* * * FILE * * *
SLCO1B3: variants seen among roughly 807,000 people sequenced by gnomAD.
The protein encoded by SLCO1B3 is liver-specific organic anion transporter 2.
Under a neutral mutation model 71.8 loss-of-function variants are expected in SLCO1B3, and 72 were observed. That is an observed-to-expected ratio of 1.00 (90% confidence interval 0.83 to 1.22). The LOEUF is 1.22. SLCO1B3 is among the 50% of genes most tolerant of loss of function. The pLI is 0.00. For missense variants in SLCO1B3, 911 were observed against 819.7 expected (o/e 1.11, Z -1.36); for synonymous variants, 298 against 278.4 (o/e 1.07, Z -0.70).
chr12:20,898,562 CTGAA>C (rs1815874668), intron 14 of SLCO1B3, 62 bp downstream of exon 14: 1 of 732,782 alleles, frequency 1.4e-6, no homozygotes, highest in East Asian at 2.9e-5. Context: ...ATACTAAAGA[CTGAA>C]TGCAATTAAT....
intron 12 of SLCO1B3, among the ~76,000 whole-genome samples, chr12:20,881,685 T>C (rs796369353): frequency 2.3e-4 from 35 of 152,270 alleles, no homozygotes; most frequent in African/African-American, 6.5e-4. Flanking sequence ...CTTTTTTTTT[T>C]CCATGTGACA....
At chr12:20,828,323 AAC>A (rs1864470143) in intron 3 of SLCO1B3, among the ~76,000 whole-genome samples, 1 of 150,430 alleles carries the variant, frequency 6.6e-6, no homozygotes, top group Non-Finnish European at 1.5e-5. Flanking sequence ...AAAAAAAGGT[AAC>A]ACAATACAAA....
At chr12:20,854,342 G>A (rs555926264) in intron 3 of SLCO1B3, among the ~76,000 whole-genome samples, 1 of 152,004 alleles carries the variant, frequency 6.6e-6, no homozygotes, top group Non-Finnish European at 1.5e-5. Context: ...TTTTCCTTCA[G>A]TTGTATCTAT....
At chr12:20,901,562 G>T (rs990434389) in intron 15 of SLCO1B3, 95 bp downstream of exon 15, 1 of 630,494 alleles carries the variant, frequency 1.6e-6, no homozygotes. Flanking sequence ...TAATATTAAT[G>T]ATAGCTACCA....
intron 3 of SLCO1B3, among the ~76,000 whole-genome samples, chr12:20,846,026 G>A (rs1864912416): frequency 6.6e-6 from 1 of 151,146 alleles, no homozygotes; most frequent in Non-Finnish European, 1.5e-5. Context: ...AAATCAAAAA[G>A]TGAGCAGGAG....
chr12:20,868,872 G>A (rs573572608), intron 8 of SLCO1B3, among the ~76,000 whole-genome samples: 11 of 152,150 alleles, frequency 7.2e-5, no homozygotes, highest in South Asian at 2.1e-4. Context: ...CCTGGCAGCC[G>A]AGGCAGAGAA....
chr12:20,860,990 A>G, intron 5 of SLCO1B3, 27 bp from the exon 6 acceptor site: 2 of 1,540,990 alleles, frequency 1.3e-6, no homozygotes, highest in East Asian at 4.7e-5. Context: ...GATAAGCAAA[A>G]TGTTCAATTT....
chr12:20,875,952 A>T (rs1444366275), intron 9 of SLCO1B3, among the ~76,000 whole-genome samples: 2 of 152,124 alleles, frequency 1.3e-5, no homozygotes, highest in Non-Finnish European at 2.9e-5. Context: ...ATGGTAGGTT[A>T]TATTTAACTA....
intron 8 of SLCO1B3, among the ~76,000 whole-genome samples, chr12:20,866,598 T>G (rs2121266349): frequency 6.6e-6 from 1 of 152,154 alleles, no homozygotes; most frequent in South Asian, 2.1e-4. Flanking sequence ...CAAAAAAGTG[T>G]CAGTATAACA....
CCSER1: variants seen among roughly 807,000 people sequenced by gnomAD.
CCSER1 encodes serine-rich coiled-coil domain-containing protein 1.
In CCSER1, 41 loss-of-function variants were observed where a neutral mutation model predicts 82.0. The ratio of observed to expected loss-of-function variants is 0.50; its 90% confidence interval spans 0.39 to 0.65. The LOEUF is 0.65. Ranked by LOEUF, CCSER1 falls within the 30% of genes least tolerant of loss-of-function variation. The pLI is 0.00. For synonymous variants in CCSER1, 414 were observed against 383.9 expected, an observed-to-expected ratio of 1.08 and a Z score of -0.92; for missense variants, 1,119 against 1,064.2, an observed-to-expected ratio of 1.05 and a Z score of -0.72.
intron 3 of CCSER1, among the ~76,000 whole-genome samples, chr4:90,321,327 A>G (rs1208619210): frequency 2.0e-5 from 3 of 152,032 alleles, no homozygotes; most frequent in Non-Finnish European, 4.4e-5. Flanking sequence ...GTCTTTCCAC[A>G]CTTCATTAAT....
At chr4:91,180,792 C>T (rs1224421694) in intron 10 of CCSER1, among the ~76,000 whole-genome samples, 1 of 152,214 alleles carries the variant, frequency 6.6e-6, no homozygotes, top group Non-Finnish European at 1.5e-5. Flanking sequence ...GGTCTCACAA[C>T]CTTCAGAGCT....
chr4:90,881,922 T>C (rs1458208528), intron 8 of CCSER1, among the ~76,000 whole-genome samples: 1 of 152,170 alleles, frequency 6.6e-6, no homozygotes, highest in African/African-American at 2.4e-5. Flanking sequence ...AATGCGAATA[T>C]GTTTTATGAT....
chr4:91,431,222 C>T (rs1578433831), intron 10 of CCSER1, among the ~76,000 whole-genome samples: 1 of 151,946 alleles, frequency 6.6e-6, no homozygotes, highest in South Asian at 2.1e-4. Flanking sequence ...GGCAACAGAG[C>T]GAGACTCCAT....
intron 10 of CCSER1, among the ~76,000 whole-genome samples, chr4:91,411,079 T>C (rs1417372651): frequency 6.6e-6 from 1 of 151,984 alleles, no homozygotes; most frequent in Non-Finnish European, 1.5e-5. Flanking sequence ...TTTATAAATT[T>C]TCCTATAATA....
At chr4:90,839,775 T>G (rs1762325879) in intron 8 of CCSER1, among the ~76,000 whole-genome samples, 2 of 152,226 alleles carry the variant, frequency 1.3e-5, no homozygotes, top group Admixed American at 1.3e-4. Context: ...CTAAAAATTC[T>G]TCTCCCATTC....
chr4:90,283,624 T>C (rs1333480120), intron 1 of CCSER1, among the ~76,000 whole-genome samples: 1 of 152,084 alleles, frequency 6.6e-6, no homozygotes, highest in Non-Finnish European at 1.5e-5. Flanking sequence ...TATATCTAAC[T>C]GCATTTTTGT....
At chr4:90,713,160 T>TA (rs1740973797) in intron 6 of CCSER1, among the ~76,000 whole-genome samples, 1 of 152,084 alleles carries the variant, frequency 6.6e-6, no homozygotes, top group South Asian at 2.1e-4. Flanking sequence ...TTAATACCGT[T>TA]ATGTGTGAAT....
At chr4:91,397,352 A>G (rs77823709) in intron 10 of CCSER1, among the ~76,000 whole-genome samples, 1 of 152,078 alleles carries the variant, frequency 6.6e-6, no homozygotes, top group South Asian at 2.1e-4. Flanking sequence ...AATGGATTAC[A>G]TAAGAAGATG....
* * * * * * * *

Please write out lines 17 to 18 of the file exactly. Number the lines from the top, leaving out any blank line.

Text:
intron 3 of CCSER1, among the ~76,000 whole-genome samples, chr4:90,321,327 A>G (rs1208619210): frequency 2.0e-5 from 3 of 152,032 alleles, no homozygotes; most frequent in Non-Finnish European, 4.4e-5. Flanking sequence ...GTCTTTCCAC[A>G]CTTCATTAAT....
At chr4:91,180,792 C>T (rs1224421694) in intron 10 of CCSER1, among the ~76,000 whole-genome samples, 1 of 152,214 alleles carries the variant, frequency 6.6e-6, no homozygotes, top group Non-Finnish European at 1.5e-5. Flanking sequence ...GGTCTCACAA[C>T]CTTCAGAGCT....